Jerusalem Cut Gold Piece
The Crusaders marched their way from Antioch in January of 1099, down the coast heading towards Jerusalem. The towns were abandoned and the gates left open for the Crusaders to enter. A deal was struck with the Emir of Tripoli, allowing the Crusaders to pass through his territory without incident. He even provided an escort.
Reaching the Fatimid Territories, at the Dog River, they met no opposition and as they marched deeper into unsupported territories, they became fearful of running short of supplies as they approached Beirut. But the locals were fearful of Crusader destruction, and offered food and free passage to them to hasten them on their way.
It was the same at Tyre, where the local garrison stayed inside while the Crusaders passed without. They passed through Haifa, under Mount Carmel, to Caesarea. At this point, the discovered a message from the Governor of Acre, calling for the Moslems of Palestine to rise against the Crusaders.
The march continued to Arsuf, turning inland. The town of Pamleh, an Arab town, fled before the crusaders. They passed through Emmaus, without incident, till, on June 7, 1099, they camped before the Gates of Jerusalem.
The City was in the hands of the Fatimid Governor, Iftikhar ad Daulah. The City defenses were good. At news of the Crusaders approach, he poisoned the water outside the City. He ordered all Christians out of the City.
The Crusader forces were not nearly great enough in numbers to monitor the walls of the City. They took up positions where they could be near to the walls, concentrating their forces there, and began the siege. But Iftikhar had ample supplies of food and water.
On June 17th, supplies arrived in the harbor at Jaffa for the Crusaders. They scrounged wood for siege machines from the forest near Samaria, the closest available. The heat was brutal. In July, it was learned an army was on its way to Jerusalem. A vision came to some dedicated Crusaders, in which the late, well respected, Bishop of Le Puy (Adhemar) gave instructions to fast and walk in procession around the walls barefoot for nine days at which time Jerusalem would fall. The procession was led by the Holy Relic of the Lance.
This and the siege machines they completed seemed to bolster the courage of the Crusaders. On July 13-14, the main attack began. Godfrey of Bouillon gained the north wall, and with his brother, Eustace, commanded the troops from there. The Arabs within, seeing their defenses broken, fled to the Temple Dome of the Rock. They surrendered to Tancred. Iftikhar realized by midday that the City was lost. He took refuge in the Tower of David. Iftikhar surrendered to Raymond there, and Raymond allowed him safe passage from the City. They were the only Moslems allowed to leave and live. No Jews were spared either. The Crusaders, in their fury, slaughtered all. Moslems in the Dome, or Jews in their Synagogue, all were killed without regard.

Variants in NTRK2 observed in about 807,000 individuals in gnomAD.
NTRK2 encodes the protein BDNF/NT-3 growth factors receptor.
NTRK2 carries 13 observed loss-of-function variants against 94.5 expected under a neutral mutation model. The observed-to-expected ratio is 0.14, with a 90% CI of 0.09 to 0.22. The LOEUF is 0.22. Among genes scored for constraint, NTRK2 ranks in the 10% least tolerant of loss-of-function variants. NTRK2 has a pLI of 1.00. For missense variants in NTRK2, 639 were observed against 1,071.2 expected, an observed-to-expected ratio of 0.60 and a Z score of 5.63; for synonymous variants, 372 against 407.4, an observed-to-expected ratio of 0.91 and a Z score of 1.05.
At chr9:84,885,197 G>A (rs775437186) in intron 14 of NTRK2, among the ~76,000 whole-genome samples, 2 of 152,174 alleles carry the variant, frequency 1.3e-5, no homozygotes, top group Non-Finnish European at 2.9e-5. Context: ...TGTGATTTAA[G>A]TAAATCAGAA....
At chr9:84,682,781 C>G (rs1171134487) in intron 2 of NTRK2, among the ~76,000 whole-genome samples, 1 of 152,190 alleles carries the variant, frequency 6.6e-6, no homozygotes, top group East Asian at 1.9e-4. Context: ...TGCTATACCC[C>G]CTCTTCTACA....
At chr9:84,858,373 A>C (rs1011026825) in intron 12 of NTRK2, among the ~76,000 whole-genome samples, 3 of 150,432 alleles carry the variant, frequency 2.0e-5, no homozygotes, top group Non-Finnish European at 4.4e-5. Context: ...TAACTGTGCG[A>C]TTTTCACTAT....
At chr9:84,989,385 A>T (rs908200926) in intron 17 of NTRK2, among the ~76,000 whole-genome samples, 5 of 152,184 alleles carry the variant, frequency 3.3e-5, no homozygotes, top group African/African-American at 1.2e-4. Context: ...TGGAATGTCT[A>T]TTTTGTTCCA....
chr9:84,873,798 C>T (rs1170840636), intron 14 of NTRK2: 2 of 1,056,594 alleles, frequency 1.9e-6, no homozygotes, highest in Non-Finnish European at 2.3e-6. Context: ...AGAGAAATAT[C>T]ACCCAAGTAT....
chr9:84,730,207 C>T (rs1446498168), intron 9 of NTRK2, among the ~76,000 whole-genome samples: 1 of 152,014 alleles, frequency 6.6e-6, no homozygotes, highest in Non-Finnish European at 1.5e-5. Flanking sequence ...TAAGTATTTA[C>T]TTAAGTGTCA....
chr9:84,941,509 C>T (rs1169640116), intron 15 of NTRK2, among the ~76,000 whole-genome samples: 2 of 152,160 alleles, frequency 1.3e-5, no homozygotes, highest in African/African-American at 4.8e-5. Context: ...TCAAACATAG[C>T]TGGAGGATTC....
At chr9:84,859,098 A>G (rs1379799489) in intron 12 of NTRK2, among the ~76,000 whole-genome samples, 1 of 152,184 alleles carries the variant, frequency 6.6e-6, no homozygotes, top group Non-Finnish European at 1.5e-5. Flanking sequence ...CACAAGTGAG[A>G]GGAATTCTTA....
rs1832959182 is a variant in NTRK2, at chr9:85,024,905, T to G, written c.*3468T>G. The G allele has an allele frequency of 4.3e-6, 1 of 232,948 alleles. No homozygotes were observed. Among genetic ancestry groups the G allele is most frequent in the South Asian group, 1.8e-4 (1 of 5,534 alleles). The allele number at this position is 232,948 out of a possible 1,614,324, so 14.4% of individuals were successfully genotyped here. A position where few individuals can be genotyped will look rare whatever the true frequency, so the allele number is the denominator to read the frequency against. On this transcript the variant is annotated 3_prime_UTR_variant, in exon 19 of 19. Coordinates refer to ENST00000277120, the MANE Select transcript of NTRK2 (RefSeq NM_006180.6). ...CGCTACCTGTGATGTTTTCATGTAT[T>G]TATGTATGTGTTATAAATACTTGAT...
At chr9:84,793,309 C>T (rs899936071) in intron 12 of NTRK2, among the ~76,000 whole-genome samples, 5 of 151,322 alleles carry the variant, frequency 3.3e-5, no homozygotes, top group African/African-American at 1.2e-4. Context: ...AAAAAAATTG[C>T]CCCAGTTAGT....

When no one but the Crusaders were left alive, they proceeded to the Holy Sepulcher to give thanks.
It was July 17th, and they gathered to choose a leader. Before news could reach him, Pope Urban II died on July 29th in Rome.
The choice of leader in Jerusalem came down to two, Godfrey and Raymond. Raymond refused, and Godfrey accepted, taking the title of Advocatus Sancti Sepulchri. Godfrey ruled for a year, dying July 1100. His brother, Baldwin, in Edessa, took the position and the title of King. What followed was a line of successions of Kings. Baldwin was married, to the Armenian Princess Arda, but had no children. He died in 1118. His nephew. Baldwin (Le Bourg), was married to Morfia, also an Armenian Princess, and became Baldwin II, King of Jerusalem.
Baldwin II (LeBourg) had three daughters1, leaving no male heir to the throne of Jerusalem. It is interesting to note that, at this time, in the absence of male heirs, lands and titles were passed on by the eldest daughter, or in the absence of any children, the wife. When the heiress married or the widow remarried, these lands and titles were passed on to the husbands line. Women were also made regents of minors, in the instances where the husband dies before his heir is old enough to reign.
Baldwins eldest daughter, Melisende, was unmarried. It was decided that Count Fulk of Anjou, a distant kinsman, to Baldwin II, would make a good choice for her husband. Fulk was nearly forty years old, and a widower, and was familiar with warfare. His son, Geoffrey Plantagenet, had recently married Matilda, heiress to the Norman throne of England. There were lengthy negotiations and, after it was clearly stated that he would inherit the crown of Jerusalem, he married Melisende.